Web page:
So, as I do, I went back to the teachings of Jesus and the Buddha to understand them with adult, rather than a child’s eyes. Yes, Jesus does tell people on multiple occasions that if they want to follow him that they need to give up all of their possessions. Yes, the Buddha counsels against being attached to money. Both pieces of advice are challenging statements that need to be taken seriously – if we can’t let go of that which holds us back from following the voice of the Creator/God/the universe/the mystery within us, which could be an attachment to wealth, then we will never truly achieve being the people we were created to be or find enlightenment.
Jesus also tells stories about how to use wealth to “make friends” (and judging by the story, he means friends that are poor and oppressed) so that they will “welcome you into their eternal homes” and that a failure to do so will lead to hell. When he fed 5000 from just a few fishes and loaves of bread, he demonstrated that God provides enough for all us to have our fill and we don’t need to hoard. Jesus articulates the difficulty for a rich person to get to heaven. He shows us the danger that with wealth it is easy to fall into the illusion that one doesn’t need God or that one is better than or more deserving of it than others. His stories around money and wealth are rich in complexity and filled with lessons about inequality, justice, and how we judge others. Without delving into all of them, these stories suggest that Jesus is not per se saying money or financial wealth is a bad thing. Rather, it depends on our relationship with it, how we gain it, and how we use it. And as importantly, that we are putting our faith in God for our security, not money.
Similarly, the Buddha’s teachings suggest that neither having too much nor too little is optimal for achieving enlightenment. Both can cause constant craving and fear of not having enough. Instead, he seems to advocate for a middle way in which needs are sufficiently met before we can pursue our spiritual well-being. Wealth can and should be used not only to provide for ourselves and our families, but also for charitable means. Using wealth can be a means to develop and exercise compassion and lovingkindness. Yet we also do not want to be attached to our money and possessions in a way that causes our or others’ suffering, such as by pursuing financial gain through unjust means or by fearfully hoarding our wealth.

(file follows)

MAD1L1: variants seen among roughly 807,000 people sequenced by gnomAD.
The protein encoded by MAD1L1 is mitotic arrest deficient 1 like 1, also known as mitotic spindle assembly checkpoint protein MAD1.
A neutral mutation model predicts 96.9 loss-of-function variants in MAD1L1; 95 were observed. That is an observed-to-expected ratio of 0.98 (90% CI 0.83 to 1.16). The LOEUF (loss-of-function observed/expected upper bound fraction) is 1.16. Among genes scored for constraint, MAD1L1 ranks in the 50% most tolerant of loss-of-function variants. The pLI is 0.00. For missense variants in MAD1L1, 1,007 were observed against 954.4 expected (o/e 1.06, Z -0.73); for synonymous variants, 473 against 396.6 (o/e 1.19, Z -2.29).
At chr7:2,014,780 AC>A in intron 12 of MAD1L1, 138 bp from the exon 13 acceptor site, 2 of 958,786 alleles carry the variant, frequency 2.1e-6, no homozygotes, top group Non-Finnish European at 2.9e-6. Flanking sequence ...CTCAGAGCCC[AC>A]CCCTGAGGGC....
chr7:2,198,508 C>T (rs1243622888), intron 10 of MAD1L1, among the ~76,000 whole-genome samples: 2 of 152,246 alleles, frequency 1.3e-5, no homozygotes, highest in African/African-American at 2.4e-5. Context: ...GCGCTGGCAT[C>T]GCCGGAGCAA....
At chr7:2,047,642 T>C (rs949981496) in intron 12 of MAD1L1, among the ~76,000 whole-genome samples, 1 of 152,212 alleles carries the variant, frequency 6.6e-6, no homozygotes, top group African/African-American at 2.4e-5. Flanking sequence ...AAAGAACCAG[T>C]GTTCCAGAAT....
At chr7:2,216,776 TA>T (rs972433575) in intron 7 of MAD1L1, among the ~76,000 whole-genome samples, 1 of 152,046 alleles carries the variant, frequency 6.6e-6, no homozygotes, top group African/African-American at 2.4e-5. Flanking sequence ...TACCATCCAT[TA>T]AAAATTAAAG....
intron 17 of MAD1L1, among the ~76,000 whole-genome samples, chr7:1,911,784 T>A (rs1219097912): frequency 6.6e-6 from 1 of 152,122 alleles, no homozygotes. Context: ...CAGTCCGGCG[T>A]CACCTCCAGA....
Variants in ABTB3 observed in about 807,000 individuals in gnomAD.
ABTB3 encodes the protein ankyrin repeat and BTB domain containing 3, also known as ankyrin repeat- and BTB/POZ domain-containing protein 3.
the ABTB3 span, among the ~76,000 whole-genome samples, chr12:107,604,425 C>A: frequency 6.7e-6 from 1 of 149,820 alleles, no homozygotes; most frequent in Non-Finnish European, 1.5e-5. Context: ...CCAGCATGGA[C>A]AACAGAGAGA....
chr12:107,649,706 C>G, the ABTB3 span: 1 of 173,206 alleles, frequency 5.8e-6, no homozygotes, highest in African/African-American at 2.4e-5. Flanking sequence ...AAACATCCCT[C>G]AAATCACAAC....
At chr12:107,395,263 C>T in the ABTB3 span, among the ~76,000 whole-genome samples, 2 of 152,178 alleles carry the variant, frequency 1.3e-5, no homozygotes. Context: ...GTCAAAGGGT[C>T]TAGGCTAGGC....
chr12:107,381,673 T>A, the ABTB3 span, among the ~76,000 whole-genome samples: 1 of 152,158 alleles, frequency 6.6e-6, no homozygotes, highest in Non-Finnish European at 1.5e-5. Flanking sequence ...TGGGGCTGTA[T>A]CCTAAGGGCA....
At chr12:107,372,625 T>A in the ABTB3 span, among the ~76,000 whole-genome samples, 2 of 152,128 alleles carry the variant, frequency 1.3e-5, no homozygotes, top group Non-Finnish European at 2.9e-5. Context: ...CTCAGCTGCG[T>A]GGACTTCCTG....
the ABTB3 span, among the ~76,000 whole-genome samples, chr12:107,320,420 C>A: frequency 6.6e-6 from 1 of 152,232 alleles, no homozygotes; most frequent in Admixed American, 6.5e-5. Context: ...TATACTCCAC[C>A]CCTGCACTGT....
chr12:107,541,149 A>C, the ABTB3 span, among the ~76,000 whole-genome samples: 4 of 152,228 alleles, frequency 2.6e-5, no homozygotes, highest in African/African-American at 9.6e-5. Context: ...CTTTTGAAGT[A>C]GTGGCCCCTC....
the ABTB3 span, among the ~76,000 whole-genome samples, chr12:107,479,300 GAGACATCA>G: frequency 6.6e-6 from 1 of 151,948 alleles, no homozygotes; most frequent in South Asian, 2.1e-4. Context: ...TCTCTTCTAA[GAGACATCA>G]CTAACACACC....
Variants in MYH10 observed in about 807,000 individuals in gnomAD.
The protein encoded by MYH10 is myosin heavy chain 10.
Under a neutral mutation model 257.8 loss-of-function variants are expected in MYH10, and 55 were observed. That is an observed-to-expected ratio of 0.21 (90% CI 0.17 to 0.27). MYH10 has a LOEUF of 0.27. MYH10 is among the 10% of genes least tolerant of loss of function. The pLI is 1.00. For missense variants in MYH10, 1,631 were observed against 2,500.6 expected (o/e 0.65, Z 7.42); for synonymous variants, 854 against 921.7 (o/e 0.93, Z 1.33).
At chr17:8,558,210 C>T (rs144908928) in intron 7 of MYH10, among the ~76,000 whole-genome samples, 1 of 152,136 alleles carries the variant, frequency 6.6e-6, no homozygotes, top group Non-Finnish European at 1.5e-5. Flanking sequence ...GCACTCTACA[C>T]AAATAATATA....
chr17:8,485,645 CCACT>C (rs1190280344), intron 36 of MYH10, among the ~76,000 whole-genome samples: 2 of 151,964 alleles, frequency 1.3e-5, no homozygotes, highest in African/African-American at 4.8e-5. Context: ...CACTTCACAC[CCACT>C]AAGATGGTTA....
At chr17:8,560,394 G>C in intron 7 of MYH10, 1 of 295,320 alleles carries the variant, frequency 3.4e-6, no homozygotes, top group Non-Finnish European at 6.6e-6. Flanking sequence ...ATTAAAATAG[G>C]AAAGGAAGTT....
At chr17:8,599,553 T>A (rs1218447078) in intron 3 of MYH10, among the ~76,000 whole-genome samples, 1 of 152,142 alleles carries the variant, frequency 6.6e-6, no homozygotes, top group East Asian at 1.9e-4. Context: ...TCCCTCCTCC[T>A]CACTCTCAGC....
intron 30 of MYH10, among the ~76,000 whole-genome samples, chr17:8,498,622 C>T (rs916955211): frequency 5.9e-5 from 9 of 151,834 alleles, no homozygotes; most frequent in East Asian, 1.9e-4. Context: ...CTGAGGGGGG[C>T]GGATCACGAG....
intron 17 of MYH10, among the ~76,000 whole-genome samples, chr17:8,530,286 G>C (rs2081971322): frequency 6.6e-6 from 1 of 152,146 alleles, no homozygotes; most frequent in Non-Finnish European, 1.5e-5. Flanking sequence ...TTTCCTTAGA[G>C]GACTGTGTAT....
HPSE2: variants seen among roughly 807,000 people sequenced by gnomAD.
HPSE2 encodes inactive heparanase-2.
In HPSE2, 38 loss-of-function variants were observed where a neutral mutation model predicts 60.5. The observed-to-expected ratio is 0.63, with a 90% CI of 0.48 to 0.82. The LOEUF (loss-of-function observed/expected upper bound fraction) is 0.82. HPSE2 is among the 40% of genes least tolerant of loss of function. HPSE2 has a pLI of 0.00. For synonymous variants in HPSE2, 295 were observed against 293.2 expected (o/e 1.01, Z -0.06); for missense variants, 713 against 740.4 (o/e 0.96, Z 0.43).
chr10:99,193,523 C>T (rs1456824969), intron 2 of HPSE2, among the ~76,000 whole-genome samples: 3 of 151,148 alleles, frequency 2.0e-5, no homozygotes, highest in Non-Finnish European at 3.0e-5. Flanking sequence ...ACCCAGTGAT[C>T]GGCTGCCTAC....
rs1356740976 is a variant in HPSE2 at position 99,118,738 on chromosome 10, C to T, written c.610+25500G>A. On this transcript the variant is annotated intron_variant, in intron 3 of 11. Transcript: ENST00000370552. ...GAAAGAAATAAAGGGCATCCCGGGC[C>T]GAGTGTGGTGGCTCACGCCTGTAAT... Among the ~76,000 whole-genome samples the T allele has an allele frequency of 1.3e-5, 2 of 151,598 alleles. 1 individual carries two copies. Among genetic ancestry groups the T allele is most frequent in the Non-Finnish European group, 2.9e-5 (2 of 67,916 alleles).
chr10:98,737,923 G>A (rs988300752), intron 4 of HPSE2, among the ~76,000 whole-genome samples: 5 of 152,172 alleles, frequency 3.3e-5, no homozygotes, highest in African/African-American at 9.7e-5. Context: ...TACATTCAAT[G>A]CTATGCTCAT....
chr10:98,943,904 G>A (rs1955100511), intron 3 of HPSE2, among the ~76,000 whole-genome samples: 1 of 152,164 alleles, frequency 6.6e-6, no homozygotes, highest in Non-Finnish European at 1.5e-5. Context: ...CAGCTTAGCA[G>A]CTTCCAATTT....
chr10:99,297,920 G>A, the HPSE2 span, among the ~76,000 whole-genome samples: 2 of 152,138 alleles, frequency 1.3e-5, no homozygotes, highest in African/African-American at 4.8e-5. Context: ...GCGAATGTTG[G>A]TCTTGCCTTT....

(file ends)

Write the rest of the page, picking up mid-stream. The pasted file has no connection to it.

I’ve come to realize through these stories that we are called in different ways with money. Mother Teresa was able to forgo any certainty around it and to live a very simple life that few of us, including myself, would desire. Yet, without people having money to give her, she wouldn’t have been able to help all the people she did. I dream of a world in which we all have enough and charity is no longer necessary. That is not the world we live in, however, and until that happens, I contend that Jesus and the Buddha are teaching us how to have a healthy relationship with money. I’m finding St. Ignatias’s teachings on spiritual discernment especially helpful as I navigate my own path. I’m learning to trust when my desires, including around wealth, come from God and when my fears and false beliefs are leading me away.
My feelings around money are still a work in progress. While I’m getting more comfortable with admitting that I love money, I’m also getting more comfortable with trusting in its flow and that God/the universe/the creator/the mystery really does want the best for me and all of us and is leading me in my desires. But I also think it’s probably good for me to always be questioning my relationship with money. What’s important is to do my best to follow the voice leading me, to examine whether my motives around money are out of love and serving, not just myself, but others. Are my fears and attachments around money and possessions helping me on my path or hindering me. It’s not so different from the ongoing evolution of my relationship with butter, which seems to find me desiring less and less of it, but still enjoying it thoroughly when I go there and never judging myself for it.
 Luke 16:1-13.
 Luke 16:19-31.
 Matthew 14:13-21.
 Matthew 19:24 and Mark 10:25.
Joseph Heller, an important and funny writer now dead, and I (Kurt Vonnegut) were at a party given by a billionaire
on Shelter Island. I said, “Joe, how does it make you feel to know that our host only yesterday may have made more money
than your novel ‘Catch-22’ has earned in its entire history?”
And Joe said, “I’ve got something he can never have.”
And I said, “What on earth could that be, Joe?”
And Joe said, “The knowledge that I’ve got enough.”
Not bad! Rest in peace!
Perfectly said. Thanks.